Watts Causing Climate Change?

The biggest cause of rising atmospheric CO2 has been the burning of coal to make electricity. 

Our love affair with Electricity goes back to the late 1800’s. Wikipedia tells us the world’s first public electricity supply was provided in late 1881, when the streets of the Surrey town of Godalming in the UK were lit with electric light. 

The fundamental principles of electricity generation were discovered in the 1820s and early 1830s by British scientist Michael Faraday. His method, still used today, is for electricity to be generated by the movement of a loop of wire between the poles of a magnet. Central power stations became economically practical with this development of alternating current . AC power transmission, using power transformers to transmit power at high voltage (and hence with relatively low loss) became pretty much the standard globally.

Contrary to popular (American) belief – it was Faraday, NOT Edison, NOT Tesla, that gave the world Electricity as we now know it. 

Commercial electricity production had started in Britain in 1870 with the coupling of a dynamo to a hydraulic turbine. So, perhaps presciently, the first industrial-scale electricity produced was 100% ‘renewable’ Hydro-electricity.

It may be argued that the mechanical production of electric power, by burning coal to make steam to drive turbines, began the Second Industrial Revolution and made possible several inventions using electricity, such as Edison’s much vaunted light bulb (which Sir Joseph Swan had already invented and deployed in the UK!) and the various types of electric motor that powered the machines that made everything.

A power utility’s ability to make and distribute vast amounts of AC electricity, generated by coal-powered steam-turbine-driven generators enabled a coal-mine to tether to a single, local customer, with a much simpler supply chain. It also allowed miners to hide the fact that ‘dirty’ coal produced smoke and CO2 (millions of tonnes thereof) using the facade of ‘clean electricity’ – which was clean only at the point of delivery – in the cities! The smoke and CO2 were generally being produced somewhere out in the countryside, near a coal mine, where, presumably, nobody would want to live!

This centralised-generation grid-distributed ‘public utility’ model played well across the world. It allowed government’s to legislate and regulate the effective monopoly to ensure the delivery of electricity – the ultimate economic lifeblood according to The World Bank. It made citizens comfortable with the idea that it was OK to leave the complexity of electricity to others – as ‘the government regulator’ was looking after their best interests. It also suited Capitalism’s preference to leverage capital at scale. And it suited coal mine owners, too, for obvious reasons. So, happiness all round then?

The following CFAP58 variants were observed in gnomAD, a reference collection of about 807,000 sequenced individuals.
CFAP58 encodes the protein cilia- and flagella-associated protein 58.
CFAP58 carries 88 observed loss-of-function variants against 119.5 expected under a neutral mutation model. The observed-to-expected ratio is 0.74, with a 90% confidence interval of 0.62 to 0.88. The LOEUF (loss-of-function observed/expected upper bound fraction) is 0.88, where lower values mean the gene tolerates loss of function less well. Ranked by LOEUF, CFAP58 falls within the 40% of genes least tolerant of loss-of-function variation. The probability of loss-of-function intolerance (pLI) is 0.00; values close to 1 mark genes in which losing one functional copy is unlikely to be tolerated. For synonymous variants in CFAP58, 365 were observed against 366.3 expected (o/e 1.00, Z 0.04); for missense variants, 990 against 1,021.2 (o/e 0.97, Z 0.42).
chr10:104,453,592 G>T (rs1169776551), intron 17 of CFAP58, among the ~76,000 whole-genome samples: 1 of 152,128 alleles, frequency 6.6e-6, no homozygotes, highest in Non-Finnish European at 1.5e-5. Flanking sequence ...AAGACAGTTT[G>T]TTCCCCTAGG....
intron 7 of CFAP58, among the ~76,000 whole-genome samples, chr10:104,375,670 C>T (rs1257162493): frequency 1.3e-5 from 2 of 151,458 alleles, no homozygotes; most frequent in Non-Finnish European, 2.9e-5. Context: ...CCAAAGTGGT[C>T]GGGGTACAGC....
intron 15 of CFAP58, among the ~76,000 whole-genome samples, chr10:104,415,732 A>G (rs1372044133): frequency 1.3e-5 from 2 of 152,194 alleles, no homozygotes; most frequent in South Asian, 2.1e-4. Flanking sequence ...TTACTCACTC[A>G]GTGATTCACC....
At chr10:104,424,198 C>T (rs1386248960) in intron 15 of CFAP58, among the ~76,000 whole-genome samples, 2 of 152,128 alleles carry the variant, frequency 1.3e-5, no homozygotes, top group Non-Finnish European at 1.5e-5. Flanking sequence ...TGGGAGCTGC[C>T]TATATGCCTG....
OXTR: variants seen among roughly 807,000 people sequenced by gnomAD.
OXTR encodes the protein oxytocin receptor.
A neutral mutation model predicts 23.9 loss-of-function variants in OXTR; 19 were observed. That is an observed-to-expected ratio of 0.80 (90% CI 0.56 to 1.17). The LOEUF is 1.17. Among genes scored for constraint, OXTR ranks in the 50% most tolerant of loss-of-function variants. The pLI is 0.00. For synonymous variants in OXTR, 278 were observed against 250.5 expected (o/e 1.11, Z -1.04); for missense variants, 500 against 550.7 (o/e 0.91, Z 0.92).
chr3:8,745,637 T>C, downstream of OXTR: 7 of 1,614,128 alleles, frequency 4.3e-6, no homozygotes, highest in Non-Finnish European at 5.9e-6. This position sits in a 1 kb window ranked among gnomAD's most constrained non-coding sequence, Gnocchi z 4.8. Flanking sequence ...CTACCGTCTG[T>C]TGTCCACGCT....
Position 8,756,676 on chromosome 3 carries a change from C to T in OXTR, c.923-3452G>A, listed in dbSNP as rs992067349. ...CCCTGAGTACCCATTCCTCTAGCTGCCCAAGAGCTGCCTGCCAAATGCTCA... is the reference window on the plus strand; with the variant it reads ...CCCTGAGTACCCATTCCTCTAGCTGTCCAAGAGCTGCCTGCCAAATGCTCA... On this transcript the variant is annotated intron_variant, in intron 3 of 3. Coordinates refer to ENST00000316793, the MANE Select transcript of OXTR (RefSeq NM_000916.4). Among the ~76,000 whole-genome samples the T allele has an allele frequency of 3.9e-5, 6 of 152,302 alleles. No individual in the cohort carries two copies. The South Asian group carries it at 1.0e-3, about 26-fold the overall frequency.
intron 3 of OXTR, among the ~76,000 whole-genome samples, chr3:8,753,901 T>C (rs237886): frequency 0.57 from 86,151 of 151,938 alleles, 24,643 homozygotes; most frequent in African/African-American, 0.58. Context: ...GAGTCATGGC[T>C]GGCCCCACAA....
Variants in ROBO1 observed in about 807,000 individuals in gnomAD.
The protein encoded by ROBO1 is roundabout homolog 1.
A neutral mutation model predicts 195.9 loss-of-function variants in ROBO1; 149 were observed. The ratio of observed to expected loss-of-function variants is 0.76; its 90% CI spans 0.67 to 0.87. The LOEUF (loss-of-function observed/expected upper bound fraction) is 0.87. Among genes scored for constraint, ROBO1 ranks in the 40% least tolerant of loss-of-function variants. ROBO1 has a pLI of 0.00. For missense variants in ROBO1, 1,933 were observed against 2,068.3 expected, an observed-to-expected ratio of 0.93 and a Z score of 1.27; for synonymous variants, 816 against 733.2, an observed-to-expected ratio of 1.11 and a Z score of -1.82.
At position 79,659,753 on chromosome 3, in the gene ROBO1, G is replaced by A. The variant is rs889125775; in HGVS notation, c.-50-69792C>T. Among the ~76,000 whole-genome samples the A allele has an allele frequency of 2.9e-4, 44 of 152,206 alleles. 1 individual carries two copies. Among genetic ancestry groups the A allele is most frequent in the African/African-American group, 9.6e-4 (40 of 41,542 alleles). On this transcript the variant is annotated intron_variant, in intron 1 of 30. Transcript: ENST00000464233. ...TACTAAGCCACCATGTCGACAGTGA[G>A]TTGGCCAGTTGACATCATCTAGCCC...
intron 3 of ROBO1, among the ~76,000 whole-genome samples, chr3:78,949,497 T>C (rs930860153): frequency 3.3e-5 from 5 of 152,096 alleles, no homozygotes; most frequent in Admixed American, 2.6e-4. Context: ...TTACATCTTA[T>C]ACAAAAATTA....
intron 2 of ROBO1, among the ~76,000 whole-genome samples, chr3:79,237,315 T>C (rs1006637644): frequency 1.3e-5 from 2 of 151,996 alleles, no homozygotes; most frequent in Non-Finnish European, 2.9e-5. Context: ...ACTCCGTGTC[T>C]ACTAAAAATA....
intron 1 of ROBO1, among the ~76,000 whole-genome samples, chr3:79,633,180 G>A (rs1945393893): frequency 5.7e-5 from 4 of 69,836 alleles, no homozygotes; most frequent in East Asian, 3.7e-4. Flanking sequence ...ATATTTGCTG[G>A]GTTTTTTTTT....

Of course, the above large-scale grid-delivered, centrally-generated electricity utility businesses quickly learned the value of ‘regulatory capture’. Some for enhanced profits, most for control – the ability to maintain the status quo. Therein lies the rub.

The status quo mindset is somewhat resistant to new ideas. New ideas such as: carbon pricing, solar photo-voltaics, windmills, geothermal energy, batteries, etc. Moreover ‘regulated utilities’ feel very threatened by the likes of peer-to-peer trading of domestic or community solar power. They also worry about ‘stranded assets’ and do everything they can to protect their current assets (pun intended).

Having convinced government of their economic necessity – government too steps in to defend the utilities’ status quo! Hence our government’s generally pitiful renewables targets.

Let’s not forget Rupert Murdoch’s role in all of this – after all was it not his stated view that “monopolies are terrible – until you have one” ? His rampant climate denialism – through his many media channels – has maintained his fossil-fuel friends’ monopolies – ensuring his own.

Published by Malcolm Duffield

Malcolm Duffield provides advanced high-level sales coaching, ‘basic sales training’ and sales training for pre-sales and post-sales engineering staff. In ways markedly different to the typical classroom lecture approach. Like the game of ‘Go’ – selling is strategically complex, nuanced and more dependent on intuition than process. Sales – process alone is no guarantee of success because customers are humans, are fiendishly complex, intuitive and need to be met on their terms. Humans need to interact rather than merely transact. They have many needs, wants and aspirations – not all clearly stated. Having a proposal that is a good fit to the stated need is a start. Having a price that’s in the ball park will also help – but what will invariably make the difference between success and failure will be our ability to understand, connect with and provide value to the customer as a person. Focused primarily on IT sales, where solution and value, but above all human connection through respect, integrity and empathy, have to be brought together to win high-value deals - it would appear that other 'capital acquisitions' benefit from a similar approach. I have 30 years experience in such sales, and know what works and what doesn't work.